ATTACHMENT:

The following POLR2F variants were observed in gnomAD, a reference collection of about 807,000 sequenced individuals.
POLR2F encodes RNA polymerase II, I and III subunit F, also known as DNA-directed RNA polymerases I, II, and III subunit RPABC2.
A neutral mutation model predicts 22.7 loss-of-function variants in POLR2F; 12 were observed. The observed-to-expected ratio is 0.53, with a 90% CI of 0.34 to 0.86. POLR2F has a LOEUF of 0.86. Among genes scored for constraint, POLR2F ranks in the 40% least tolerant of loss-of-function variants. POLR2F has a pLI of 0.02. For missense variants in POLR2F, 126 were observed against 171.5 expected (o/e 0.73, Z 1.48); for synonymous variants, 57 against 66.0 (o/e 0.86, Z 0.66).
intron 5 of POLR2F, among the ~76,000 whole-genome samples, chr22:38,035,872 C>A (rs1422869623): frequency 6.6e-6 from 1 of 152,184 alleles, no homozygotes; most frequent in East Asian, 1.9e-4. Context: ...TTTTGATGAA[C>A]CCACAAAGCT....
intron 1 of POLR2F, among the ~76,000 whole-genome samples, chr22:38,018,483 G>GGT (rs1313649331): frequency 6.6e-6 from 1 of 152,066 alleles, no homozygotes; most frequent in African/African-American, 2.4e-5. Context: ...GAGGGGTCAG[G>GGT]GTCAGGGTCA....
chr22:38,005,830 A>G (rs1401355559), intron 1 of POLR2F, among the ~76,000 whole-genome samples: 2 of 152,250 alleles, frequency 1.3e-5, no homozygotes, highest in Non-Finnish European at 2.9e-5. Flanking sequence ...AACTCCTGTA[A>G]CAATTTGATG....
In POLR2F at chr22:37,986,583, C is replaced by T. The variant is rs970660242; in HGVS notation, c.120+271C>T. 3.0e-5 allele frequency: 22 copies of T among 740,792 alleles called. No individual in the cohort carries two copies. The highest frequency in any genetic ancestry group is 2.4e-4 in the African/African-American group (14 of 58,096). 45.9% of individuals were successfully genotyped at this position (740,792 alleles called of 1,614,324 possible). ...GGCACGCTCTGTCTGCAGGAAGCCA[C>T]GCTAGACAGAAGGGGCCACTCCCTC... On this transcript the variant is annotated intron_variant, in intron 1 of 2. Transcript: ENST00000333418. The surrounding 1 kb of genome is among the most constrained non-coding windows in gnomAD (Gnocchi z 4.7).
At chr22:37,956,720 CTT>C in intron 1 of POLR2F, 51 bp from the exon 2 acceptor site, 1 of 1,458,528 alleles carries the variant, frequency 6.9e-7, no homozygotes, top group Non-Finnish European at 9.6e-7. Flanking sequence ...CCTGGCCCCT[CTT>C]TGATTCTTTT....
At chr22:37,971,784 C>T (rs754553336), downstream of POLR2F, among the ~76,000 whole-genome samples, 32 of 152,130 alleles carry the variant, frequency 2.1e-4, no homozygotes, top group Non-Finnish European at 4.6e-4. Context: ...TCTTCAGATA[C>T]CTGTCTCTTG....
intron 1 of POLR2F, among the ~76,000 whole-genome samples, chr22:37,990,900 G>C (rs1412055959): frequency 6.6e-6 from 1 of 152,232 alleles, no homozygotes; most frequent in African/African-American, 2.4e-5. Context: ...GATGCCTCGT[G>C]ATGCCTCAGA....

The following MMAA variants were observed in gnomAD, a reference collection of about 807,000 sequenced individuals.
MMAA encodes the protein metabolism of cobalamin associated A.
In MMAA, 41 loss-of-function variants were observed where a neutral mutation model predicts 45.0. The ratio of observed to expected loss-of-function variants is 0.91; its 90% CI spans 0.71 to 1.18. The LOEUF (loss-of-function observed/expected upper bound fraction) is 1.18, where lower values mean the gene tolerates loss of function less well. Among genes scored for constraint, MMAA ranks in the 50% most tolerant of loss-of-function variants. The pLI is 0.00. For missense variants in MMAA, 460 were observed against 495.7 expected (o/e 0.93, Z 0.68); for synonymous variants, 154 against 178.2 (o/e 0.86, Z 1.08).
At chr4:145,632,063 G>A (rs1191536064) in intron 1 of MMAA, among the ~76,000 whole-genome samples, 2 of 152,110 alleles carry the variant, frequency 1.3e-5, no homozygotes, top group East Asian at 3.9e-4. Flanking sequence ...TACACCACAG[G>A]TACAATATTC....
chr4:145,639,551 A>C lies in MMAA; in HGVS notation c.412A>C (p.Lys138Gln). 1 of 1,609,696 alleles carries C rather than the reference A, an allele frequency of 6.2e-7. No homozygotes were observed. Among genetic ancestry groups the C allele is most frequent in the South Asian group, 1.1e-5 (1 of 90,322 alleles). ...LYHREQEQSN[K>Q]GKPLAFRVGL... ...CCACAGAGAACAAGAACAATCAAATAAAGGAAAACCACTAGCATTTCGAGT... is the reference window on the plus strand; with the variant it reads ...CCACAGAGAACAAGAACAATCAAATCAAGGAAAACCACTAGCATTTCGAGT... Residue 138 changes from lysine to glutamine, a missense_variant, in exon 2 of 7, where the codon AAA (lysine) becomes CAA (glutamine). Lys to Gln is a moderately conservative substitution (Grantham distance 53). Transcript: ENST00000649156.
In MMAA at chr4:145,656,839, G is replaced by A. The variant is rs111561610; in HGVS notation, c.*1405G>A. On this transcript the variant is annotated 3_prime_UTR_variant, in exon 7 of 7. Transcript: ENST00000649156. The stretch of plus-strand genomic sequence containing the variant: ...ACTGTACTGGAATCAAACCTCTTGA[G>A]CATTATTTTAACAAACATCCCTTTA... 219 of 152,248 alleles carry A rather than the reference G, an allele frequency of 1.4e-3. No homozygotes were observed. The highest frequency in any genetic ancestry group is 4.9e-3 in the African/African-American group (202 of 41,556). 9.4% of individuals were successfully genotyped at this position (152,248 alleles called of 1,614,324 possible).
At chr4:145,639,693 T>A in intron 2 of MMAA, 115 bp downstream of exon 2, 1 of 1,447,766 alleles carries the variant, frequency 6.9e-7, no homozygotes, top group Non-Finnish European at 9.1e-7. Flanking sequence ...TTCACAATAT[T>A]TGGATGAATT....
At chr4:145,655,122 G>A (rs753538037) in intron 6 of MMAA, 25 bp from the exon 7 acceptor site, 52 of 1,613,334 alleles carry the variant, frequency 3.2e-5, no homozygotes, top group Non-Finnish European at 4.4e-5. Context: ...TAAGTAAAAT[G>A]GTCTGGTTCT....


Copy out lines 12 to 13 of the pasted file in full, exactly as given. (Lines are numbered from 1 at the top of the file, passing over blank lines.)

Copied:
MMAA encodes the protein metabolism of cobalamin associated A.
In MMAA, 41 loss-of-function variants were observed where a neutral mutation model predicts 45.0. The ratio of observed to expected loss-of-function variants is 0.91; its 90% CI spans 0.71 to 1.18. The LOEUF (loss-of-function observed/expected upper bound fraction) is 1.18, where lower values mean the gene tolerates loss of function less well. Among genes scored for constraint, MMAA ranks in the 50% most tolerant of loss-of-function variants. The pLI is 0.00. For missense variants in MMAA, 460 were observed against 495.7 expected (o/e 0.93, Z 0.68); for synonymous variants, 154 against 178.2 (o/e 0.86, Z 1.08).